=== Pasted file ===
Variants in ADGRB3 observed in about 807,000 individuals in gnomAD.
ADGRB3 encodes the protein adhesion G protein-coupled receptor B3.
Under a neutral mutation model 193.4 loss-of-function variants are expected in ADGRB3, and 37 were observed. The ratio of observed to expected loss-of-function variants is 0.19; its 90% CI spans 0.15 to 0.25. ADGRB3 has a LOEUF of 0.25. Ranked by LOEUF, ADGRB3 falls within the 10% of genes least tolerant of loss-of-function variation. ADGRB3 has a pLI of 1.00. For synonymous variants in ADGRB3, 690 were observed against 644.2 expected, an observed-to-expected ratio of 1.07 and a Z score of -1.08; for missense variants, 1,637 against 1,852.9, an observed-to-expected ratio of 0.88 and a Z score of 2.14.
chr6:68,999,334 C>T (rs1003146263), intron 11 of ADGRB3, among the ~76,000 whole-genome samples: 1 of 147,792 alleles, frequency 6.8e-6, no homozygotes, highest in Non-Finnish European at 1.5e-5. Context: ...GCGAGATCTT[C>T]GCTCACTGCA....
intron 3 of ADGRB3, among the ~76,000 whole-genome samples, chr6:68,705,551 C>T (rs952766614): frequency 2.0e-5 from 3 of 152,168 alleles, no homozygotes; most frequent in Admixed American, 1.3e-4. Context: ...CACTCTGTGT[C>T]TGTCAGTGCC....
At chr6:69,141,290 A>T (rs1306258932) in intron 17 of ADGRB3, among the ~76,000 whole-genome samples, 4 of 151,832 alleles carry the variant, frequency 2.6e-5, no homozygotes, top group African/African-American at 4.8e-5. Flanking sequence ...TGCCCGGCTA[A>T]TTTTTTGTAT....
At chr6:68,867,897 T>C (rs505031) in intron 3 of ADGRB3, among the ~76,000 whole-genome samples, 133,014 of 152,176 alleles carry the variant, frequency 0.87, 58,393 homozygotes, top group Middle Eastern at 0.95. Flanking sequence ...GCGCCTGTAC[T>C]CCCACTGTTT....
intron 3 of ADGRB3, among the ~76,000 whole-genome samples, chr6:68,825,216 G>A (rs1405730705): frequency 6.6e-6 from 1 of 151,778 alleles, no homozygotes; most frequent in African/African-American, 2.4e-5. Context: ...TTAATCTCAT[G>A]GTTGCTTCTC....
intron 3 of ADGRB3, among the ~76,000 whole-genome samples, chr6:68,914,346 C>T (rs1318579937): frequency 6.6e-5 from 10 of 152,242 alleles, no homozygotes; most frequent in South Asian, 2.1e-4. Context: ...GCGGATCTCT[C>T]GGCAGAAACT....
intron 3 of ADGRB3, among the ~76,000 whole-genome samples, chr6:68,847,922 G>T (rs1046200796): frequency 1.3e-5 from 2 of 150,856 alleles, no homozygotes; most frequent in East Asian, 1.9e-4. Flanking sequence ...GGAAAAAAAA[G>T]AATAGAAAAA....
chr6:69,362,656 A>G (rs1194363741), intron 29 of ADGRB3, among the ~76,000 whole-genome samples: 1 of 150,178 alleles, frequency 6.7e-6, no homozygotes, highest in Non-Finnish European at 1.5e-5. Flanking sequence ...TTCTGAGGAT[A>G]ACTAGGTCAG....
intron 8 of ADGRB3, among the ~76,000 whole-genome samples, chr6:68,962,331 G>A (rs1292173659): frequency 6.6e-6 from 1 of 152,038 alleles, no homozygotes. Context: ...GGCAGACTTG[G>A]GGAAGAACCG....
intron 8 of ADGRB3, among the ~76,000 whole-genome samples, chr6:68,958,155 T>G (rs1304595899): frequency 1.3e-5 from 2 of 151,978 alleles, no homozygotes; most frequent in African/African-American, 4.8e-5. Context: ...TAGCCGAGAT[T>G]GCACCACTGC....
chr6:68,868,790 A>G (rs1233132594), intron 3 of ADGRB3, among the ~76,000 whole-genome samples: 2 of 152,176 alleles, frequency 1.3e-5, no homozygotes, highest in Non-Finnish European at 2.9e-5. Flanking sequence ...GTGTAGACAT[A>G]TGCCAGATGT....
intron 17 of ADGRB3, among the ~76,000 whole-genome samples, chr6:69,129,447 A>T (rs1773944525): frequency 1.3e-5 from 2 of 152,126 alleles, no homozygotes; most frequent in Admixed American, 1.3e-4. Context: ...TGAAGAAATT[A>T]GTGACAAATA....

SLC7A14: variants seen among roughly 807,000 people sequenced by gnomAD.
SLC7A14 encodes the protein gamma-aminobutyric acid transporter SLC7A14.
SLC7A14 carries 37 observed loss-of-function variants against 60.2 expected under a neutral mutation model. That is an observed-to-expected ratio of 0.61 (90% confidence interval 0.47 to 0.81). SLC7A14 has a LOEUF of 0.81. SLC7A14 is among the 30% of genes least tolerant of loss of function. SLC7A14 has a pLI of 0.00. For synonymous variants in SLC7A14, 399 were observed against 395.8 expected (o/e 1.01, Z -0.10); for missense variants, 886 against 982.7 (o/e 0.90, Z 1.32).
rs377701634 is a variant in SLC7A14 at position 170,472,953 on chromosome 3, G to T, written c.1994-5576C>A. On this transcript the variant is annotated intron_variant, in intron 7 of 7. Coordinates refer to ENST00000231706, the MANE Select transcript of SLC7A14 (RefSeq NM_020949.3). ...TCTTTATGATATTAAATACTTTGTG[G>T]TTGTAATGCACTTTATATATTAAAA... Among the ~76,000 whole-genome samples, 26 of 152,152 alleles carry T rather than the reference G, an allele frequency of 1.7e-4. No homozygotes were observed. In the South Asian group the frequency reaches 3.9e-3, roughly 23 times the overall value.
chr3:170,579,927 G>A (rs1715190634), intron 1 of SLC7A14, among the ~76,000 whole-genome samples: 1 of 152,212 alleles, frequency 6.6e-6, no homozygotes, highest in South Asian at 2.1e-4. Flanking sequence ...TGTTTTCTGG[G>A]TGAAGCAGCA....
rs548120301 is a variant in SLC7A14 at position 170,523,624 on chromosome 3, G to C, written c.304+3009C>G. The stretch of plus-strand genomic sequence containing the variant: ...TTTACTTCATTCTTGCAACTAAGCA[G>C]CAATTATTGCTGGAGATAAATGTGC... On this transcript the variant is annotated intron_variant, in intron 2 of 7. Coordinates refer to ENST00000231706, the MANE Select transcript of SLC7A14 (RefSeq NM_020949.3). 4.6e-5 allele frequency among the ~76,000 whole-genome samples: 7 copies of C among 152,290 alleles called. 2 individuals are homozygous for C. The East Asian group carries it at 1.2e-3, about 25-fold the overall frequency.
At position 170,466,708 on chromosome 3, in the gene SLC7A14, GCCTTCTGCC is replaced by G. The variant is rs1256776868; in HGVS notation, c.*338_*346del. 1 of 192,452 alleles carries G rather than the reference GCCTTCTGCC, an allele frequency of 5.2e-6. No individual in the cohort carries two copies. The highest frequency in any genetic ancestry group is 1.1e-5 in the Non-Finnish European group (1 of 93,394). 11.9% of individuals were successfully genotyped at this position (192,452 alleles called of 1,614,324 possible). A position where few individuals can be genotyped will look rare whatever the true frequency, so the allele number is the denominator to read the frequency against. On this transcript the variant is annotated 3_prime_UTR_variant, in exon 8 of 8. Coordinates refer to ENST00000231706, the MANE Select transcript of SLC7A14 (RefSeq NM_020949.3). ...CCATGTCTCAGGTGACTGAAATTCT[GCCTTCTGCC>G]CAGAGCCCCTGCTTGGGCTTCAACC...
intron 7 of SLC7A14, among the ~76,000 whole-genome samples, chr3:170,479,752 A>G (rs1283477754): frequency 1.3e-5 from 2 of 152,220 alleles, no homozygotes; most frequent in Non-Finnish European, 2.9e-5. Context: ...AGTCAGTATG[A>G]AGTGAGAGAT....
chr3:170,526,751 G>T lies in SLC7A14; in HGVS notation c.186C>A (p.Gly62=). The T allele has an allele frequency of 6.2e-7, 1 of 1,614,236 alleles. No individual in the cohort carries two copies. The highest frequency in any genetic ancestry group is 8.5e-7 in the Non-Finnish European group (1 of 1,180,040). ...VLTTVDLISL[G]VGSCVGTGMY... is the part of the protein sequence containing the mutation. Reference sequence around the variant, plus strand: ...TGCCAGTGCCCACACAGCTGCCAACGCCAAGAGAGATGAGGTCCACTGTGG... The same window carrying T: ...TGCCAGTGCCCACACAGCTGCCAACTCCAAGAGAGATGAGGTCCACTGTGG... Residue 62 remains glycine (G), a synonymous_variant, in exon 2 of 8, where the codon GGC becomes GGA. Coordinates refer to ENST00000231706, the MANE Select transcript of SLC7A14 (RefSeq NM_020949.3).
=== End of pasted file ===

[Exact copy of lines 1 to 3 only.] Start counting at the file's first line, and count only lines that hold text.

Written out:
Variants in ADGRB3 observed in about 807,000 individuals in gnomAD.
ADGRB3 encodes the protein adhesion G protein-coupled receptor B3.
Under a neutral mutation model 193.4 loss-of-function variants are expected in ADGRB3, and 37 were observed. The ratio of observed to expected loss-of-function variants is 0.19; its 90% CI spans 0.15 to 0.25. ADGRB3 has a LOEUF of 0.25. Ranked by LOEUF, ADGRB3 falls within the 10% of genes least tolerant of loss-of-function variation. ADGRB3 has a pLI of 1.00. For synonymous variants in ADGRB3, 690 were observed against 644.2 expected, an observed-to-expected ratio of 1.07 and a Z score of -1.08; for missense variants, 1,637 against 1,852.9, an observed-to-expected ratio of 0.88 and a Z score of 2.14.